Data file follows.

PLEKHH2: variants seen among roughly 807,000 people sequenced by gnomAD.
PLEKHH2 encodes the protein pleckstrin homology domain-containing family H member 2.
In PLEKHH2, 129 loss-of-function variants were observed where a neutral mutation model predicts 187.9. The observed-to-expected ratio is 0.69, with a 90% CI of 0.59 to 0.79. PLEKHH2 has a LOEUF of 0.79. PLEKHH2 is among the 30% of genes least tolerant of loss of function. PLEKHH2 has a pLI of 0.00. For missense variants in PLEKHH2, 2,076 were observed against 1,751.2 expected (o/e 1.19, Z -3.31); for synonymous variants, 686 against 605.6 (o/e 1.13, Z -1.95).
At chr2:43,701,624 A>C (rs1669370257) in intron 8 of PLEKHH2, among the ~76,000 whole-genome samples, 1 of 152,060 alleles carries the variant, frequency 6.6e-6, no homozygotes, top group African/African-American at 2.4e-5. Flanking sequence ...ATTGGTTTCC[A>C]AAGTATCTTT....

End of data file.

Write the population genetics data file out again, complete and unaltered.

PLEKHH2: variants seen among roughly 807,000 people sequenced by gnomAD.
PLEKHH2 encodes the protein pleckstrin homology domain-containing family H member 2.
In PLEKHH2, 129 loss-of-function variants were observed where a neutral mutation model predicts 187.9. The observed-to-expected ratio is 0.69, with a 90% CI of 0.59 to 0.79. PLEKHH2 has a LOEUF of 0.79. PLEKHH2 is among the 30% of genes least tolerant of loss of function. PLEKHH2 has a pLI of 0.00. For missense variants in PLEKHH2, 2,076 were observed against 1,751.2 expected (o/e 1.19, Z -3.31); for synonymous variants, 686 against 605.6 (o/e 1.13, Z -1.95).
At chr2:43,701,624 A>C (rs1669370257) in intron 8 of PLEKHH2, among the ~76,000 whole-genome samples, 1 of 152,060 alleles carries the variant, frequency 6.6e-6, no homozygotes, top group African/African-American at 2.4e-5. Flanking sequence ...ATTGGTTTCC[A>C]AAGTATCTTT....